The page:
My family had moved over to the North Fork Salmon River in 1979, after we were evicted from the McNeal cabin and mining claim. We were one of the lucky few evicted families that found a place to stay on the river. An old miner named Jerry Kramer carved out a tiny piece of his patented land on Pollock’s Gulch, and my brother Tim and I fished the section of river below our place religiously until the ’87 fires. When the pools filled in with silt, the river heated up and the salmon runs dwindled. It has never been the same. Since that time, I have been working to understand how to bring back our salmon. And while our instream restoration work—like our recent helicopter wood-loading project on Horse Creek with logs killed in the 2016 Gap Fire—is a monumental step towards restoring a productive stretch of that creek, I am certain that only restoring the process of fire in the Klamath Mountains will turn the tide from salmon extinction to recovery.
Impacts to the Klamath Basin in 2020: Indian Creek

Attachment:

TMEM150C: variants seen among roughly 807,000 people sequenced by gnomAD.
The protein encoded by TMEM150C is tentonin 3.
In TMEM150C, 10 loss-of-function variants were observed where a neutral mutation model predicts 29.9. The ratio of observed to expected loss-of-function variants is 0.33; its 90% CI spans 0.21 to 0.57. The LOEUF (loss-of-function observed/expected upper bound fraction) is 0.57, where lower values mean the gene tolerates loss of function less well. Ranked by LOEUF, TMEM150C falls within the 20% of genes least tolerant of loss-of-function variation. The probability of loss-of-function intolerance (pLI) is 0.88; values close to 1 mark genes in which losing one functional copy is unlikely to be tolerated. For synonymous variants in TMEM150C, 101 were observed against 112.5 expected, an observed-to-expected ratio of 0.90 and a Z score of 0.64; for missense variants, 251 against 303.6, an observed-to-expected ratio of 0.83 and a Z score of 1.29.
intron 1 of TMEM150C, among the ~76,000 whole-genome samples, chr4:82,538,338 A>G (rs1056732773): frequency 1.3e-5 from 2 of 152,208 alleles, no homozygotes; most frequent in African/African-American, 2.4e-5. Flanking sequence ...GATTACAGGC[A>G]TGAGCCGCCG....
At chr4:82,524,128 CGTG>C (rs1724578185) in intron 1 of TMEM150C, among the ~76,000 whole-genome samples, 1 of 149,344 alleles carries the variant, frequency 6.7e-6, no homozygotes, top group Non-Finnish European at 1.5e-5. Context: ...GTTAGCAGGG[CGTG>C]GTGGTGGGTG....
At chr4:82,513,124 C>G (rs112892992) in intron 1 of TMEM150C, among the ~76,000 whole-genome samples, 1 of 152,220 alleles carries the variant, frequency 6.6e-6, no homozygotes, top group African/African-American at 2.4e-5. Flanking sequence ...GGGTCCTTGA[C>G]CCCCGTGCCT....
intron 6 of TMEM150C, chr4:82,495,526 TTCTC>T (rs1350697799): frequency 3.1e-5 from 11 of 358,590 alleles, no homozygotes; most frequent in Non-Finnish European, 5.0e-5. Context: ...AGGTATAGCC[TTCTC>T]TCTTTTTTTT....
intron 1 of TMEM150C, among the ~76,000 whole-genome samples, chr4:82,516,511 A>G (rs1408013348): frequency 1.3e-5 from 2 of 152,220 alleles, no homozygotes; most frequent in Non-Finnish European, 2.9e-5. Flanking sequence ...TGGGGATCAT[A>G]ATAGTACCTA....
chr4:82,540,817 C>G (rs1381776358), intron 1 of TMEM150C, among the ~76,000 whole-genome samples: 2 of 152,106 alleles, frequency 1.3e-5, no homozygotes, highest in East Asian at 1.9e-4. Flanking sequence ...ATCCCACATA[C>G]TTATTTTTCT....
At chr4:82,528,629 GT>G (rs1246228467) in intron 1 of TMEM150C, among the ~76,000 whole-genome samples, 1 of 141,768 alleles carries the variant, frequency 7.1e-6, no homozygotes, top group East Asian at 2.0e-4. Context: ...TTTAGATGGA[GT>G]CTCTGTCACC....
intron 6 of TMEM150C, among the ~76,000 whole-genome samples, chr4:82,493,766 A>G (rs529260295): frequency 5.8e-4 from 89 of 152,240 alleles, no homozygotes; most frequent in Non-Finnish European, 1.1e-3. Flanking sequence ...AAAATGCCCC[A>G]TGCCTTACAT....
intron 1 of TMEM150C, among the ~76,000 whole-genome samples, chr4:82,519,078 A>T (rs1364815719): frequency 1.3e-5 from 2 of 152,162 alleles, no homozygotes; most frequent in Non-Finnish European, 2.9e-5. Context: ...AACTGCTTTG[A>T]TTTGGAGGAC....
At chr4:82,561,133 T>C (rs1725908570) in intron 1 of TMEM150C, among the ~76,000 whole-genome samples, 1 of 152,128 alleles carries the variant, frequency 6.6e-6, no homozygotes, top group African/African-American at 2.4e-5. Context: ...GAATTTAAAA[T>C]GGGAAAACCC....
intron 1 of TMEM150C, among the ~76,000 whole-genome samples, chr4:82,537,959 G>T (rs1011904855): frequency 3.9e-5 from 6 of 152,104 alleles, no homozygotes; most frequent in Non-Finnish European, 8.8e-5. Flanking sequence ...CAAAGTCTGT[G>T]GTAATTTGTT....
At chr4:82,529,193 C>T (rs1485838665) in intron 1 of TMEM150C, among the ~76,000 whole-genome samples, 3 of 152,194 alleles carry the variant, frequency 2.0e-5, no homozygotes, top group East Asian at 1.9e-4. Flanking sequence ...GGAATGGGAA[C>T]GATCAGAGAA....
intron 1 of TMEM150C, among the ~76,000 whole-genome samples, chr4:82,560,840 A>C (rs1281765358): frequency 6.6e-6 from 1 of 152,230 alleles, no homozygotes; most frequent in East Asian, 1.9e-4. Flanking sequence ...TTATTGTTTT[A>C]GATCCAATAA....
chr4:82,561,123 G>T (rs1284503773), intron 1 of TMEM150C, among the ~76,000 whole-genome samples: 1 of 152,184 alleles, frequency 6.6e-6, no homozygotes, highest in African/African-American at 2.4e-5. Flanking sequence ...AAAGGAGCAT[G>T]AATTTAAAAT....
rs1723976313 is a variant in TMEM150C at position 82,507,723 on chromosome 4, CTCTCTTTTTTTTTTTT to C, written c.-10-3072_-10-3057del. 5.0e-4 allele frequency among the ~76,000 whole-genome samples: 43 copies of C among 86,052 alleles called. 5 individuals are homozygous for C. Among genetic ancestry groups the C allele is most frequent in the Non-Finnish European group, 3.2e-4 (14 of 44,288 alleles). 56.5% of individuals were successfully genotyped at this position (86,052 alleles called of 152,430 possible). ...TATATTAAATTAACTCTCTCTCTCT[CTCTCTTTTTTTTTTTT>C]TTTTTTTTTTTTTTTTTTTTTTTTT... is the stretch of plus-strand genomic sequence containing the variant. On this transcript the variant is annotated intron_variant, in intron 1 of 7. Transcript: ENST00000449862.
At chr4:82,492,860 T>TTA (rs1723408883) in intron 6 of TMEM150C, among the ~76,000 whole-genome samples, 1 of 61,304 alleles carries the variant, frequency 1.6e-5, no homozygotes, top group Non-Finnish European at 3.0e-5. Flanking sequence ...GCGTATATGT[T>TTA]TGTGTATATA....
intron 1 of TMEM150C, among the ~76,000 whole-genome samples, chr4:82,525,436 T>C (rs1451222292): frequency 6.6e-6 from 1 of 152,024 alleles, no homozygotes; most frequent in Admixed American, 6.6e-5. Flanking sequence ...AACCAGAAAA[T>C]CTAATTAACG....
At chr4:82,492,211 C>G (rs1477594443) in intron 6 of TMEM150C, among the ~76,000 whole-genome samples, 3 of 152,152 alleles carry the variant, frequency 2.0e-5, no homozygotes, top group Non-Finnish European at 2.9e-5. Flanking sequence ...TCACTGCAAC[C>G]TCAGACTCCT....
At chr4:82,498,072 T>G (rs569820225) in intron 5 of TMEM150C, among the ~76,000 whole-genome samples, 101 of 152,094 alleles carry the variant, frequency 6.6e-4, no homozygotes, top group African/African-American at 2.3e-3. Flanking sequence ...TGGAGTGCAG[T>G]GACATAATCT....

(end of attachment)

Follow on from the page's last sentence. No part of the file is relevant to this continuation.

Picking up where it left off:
Nearly every year for the last decade, we have had at least one major salmon stream in the Klamath Basin heavily impacted by wildfires. This year it was Indian Creek in the Slater Fire. Not only did nearly all this key watershed for coho and Chinook salmon and steelhead burn in one 24-hour period, it burned at high intensity, killing most of the forest canopy on a massive scale. This fire burned over 90,000 acres in one day, including nearly 200 homes along Indian Creek. Pushed by a 40-mph east wind with as low as 3% relative humidity, the Slater Fire became a horizontal airborne river of fire impervious to slope or any barriers except recent major wildfires. If not for the 2017 Oak Fire and 2018 Natchez Fire footprints, the Slater Fire may have reached Crescent City, in addition to Cave Junction, in its initial run that ended up being 30 miles long and 9 miles wide.